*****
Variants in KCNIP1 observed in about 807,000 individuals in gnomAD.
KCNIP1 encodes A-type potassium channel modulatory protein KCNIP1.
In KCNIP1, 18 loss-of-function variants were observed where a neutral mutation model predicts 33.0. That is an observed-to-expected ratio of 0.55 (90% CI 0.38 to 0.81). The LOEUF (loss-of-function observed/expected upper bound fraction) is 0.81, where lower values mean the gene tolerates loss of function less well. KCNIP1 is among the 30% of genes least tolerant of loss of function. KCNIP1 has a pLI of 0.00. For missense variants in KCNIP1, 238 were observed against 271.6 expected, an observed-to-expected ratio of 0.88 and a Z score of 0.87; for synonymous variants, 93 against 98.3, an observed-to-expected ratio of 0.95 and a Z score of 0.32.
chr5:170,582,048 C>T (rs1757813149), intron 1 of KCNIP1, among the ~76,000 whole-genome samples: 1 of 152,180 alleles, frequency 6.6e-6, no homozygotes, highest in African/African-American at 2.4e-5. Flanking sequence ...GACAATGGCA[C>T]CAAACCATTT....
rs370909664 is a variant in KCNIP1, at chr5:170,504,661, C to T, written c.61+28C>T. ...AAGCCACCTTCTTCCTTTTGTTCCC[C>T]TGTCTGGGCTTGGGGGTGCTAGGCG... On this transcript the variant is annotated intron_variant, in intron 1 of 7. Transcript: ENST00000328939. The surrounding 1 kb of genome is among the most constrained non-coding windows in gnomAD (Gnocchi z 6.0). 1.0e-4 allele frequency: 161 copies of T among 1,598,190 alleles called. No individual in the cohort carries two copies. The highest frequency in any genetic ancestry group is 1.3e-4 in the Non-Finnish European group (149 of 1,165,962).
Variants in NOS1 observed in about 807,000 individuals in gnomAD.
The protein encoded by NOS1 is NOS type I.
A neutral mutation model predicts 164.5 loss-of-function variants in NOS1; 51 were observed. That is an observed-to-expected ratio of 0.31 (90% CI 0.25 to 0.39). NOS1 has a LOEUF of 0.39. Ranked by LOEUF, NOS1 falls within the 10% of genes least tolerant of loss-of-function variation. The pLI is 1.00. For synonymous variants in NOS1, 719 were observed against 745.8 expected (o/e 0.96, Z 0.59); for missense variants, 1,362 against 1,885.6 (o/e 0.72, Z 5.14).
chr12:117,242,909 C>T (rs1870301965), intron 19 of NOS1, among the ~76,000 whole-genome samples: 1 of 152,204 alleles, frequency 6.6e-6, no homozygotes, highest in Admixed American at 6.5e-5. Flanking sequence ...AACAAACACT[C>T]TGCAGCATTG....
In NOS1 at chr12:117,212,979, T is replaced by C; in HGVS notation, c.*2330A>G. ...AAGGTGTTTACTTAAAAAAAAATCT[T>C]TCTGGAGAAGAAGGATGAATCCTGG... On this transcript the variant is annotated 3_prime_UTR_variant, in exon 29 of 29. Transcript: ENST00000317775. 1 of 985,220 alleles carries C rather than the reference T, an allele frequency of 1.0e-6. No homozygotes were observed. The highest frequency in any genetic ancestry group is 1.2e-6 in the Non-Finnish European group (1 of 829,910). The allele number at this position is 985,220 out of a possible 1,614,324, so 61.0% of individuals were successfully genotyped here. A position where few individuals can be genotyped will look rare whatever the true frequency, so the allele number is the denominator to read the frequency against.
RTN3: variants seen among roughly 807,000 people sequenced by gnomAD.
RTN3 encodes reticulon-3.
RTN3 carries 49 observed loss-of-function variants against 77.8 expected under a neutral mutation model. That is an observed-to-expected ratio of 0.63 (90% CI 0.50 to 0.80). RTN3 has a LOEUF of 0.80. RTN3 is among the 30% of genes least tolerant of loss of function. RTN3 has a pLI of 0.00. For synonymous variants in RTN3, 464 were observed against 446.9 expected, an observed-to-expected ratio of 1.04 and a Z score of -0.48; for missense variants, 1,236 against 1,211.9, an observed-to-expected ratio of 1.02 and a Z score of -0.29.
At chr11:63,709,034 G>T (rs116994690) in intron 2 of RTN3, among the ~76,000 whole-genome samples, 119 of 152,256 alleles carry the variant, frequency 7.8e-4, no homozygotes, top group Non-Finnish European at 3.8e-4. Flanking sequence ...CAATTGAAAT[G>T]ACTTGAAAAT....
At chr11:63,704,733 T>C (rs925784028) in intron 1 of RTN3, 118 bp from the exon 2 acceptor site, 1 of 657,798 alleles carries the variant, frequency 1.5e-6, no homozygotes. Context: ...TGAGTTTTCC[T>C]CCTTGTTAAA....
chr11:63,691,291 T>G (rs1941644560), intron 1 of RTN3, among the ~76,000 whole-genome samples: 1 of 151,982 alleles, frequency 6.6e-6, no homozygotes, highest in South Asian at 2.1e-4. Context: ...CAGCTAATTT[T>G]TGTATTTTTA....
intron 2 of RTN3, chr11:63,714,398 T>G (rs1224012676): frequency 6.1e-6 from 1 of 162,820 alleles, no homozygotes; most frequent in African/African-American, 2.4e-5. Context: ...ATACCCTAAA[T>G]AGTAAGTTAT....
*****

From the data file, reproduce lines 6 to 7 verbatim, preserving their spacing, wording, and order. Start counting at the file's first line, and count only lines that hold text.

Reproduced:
Variants in NOS1 observed in about 807,000 individuals in gnomAD.
The protein encoded by NOS1 is NOS type I.